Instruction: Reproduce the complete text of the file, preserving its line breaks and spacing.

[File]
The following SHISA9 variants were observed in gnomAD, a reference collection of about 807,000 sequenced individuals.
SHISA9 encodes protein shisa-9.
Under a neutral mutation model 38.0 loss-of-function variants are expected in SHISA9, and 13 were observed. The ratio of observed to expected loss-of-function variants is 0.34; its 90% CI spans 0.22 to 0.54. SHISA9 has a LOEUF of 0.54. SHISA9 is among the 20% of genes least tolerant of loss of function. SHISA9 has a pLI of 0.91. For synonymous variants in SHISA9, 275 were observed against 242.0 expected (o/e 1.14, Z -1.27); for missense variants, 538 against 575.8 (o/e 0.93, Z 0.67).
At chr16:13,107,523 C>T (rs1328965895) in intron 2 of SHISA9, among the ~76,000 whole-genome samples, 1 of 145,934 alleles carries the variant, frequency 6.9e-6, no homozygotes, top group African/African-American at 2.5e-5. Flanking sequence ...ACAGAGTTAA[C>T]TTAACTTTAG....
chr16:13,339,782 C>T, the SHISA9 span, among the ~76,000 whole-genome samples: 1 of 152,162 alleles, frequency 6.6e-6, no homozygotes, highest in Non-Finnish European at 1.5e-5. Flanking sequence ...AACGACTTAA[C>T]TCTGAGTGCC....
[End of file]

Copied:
The following SHISA9 variants were observed in gnomAD, a reference collection of about 807,000 sequenced individuals.
SHISA9 encodes protein shisa-9.
Under a neutral mutation model 38.0 loss-of-function variants are expected in SHISA9, and 13 were observed. The ratio of observed to expected loss-of-function variants is 0.34; its 90% CI spans 0.22 to 0.54. SHISA9 has a LOEUF of 0.54. SHISA9 is among the 20% of genes least tolerant of loss of function. SHISA9 has a pLI of 0.91. For synonymous variants in SHISA9, 275 were observed against 242.0 expected (o/e 1.14, Z -1.27); for missense variants, 538 against 575.8 (o/e 0.93, Z 0.67).
At chr16:13,107,523 C>T (rs1328965895) in intron 2 of SHISA9, among the ~76,000 whole-genome samples, 1 of 145,934 alleles carries the variant, frequency 6.9e-6, no homozygotes, top group African/African-American at 2.5e-5. Flanking sequence ...ACAGAGTTAA[C>T]TTAACTTTAG....
chr16:13,339,782 C>T, the SHISA9 span, among the ~76,000 whole-genome samples: 1 of 152,162 alleles, frequency 6.6e-6, no homozygotes, highest in Non-Finnish European at 1.5e-5. Flanking sequence ...AACGACTTAA[C>T]TCTGAGTGCC....